I wish I had a photo of myself. Eyes hopelessly glued shut with pus at all times, red measles so dense and scaly they only died out around the eyes, where the skin turned deathly white. I remember thinking I looked like one of the performers in makeup for the Broadway show CATS, which was popular at the time. Like a leopard, and then the crazy-looking dirty hair sticking out in all directions around my face. But the fever-induced hallucinations were the worst. They came any time I had to do anything for myself or try to reason at all. The strongest impression I retained from the whole experience was once when I was trying to alternately walk and crawl down the hall to the bathroom and the hallway was growing in length like that scene from the end of the movie ‘Poltergeist’. I remember it as having taken about five minutes for me to progress down the hall to the bathroom. Several years later when we had middle school boarders at the school again (that started back up in fall 1991 when I was a senior) I walked down to the now-unlocked wing and was startled to realize that the room I had stayed in was only three doors down from the bathroom.

I also remember standing in the dark little dorm room and staring at myself in the mirror (though I had been instructed not to look at “the material picture”) seeing myself swaying slightly, and thinking, how can I be this sick, all of us this sick, and everyone is acting normal? They’re not even being NICE to us! And I was shocked that my parents didn’t fly out. Most other kids had at least one parent or another visit at some point. Or maybe not most, I don’t know. They did discourage parents from coming, no surprise there. My parents took the ‘out’.

So, I’ve been quarantined with the rest of the sickos for a while now, and my symptoms have greatly worsened. I haven’t breathed through my nose in days and it’s now gotten to where I can’t breathe through my mouth either because I’m literally drowning in mucus. It also happens that I have extremely chapped and cracked lips which are covered in dried blood, but I’m unaware of that because I’m delirious with fever and also because the state of my lips is very low on my priority list. To the appearance-obsessed CS crowd taking care of us, perhaps my bloody lips were the most offensive symptom I was presenting.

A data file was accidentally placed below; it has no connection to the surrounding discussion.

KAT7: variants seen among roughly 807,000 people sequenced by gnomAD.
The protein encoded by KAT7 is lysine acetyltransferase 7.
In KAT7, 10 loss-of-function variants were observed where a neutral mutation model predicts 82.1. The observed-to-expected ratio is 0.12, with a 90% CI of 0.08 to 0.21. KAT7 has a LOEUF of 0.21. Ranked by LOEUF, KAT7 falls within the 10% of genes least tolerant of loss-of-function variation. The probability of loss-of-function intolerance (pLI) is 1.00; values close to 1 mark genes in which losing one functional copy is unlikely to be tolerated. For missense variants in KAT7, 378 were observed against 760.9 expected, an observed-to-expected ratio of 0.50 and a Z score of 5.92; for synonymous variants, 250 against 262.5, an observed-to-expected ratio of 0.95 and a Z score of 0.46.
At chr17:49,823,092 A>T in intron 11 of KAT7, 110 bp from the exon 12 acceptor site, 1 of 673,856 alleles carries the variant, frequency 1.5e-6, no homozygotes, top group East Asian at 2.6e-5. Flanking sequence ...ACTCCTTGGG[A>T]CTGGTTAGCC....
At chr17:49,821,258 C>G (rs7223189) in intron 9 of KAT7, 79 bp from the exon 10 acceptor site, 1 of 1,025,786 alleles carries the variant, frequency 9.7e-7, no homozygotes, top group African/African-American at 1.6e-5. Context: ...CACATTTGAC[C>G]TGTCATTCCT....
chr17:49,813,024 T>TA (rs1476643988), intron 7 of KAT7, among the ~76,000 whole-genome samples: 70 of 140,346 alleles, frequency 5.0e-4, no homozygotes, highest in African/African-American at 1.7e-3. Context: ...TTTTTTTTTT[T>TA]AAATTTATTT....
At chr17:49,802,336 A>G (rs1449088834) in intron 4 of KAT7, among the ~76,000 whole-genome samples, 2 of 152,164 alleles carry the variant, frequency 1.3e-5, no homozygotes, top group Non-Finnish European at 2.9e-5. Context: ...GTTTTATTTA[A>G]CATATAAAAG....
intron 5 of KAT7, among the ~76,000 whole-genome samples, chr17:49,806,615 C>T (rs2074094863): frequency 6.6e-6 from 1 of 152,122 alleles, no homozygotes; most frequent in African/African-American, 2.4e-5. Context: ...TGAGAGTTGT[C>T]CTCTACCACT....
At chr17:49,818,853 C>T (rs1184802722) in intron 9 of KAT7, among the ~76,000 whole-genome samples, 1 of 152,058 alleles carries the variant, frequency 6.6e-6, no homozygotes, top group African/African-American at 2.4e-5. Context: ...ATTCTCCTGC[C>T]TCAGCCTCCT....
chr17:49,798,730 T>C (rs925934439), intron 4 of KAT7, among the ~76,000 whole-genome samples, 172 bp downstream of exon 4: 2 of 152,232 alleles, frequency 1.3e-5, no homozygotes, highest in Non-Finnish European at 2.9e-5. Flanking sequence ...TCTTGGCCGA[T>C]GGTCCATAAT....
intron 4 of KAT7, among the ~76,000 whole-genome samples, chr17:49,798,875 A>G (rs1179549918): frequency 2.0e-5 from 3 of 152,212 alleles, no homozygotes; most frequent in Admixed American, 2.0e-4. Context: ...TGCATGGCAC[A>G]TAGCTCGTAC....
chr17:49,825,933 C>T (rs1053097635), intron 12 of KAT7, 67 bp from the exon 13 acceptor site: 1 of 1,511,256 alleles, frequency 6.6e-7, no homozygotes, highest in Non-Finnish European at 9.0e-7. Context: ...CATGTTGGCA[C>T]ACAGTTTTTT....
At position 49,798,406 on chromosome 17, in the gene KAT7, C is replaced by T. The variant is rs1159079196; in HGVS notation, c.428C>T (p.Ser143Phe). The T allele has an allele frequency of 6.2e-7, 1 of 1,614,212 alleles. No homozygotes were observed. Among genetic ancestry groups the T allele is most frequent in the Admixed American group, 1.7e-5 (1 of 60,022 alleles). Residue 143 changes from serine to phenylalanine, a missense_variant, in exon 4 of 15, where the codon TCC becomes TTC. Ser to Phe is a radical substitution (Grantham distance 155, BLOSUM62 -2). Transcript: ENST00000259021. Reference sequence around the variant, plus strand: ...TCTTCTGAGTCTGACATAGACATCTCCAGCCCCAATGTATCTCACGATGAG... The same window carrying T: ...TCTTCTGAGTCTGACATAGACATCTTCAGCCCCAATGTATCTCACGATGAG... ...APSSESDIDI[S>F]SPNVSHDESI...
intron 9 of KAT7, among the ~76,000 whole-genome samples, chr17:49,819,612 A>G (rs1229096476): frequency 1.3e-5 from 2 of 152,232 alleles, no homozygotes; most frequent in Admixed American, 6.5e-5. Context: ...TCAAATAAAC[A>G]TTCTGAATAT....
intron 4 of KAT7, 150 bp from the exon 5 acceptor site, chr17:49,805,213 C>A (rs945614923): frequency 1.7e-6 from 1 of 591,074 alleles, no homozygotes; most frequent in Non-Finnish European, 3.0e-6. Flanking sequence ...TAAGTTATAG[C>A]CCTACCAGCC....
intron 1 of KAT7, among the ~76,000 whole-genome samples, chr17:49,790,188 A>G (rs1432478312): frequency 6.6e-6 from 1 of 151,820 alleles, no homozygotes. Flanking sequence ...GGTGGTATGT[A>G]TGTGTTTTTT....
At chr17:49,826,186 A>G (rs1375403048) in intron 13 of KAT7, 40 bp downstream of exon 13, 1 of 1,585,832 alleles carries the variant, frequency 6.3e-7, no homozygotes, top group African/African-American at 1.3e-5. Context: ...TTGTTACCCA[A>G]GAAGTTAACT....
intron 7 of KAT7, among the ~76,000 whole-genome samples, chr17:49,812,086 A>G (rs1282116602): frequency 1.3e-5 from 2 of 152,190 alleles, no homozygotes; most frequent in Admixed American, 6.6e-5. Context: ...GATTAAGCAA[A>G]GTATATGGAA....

Anyway, in the absence of any sort of real caregiving, I determine that a great way to stay alive would be to CRAWL to the bathroom, wet a washcloth with hot water, and hold it to my mouth and breathe through it so that it would melt the mucus enough that I could cough some up and swallow some down and be able to breathe for maybe ten minutes. So I do this repeatedly, and no one seems to notice, until this one lady who I will refer to as megabitch to protect her identity and also because she was a megabitch, decides to “help”. She finds me laying under the sinks in the bathroom, takes my life-giving washcloth away, says, “honey that’s not going to help your lips” and guides me back to my room.

Well, I have no idea what has just happened. It makes no sense to me, but I am very sick and confused and I kind of realize that. There’s nothing else to do but crawl back to the bathroom again once the choking starts back up. I settle back in bed with my temporarily hot washcloth and she appears again, wordlessly snatches it away and leaves without a glance, or she would have seen me desperately trying to explain how much I needed the washcloth and what I had to go through to get it since no help was forthcoming. All this lady can see is chapped lips, she is actually pretending I am not dying of pneumonia in front of her.

The next time she flounces into my room to snatch away my washcloth (where did this vigilant oversight come from all of a sudden?) I gather my wits and make a desperate attempt to communicate with her to please not take away my washcloth and to explain to her why I need it, but the wrong words come out. My fever-addled brain is picking nonsense words. I hear them and I know they are not the words I meant to say but I can’t fix it. I start to cry. I’m so thirsty. I can’t get enough air, I haven’t for hours now. She leans down over me looking straight into my eyes with the sanctimonious perfume of CS-ery just wafting off of her, and says “You DON’T need to rely on material objects for comfort! How about some Vaseline?”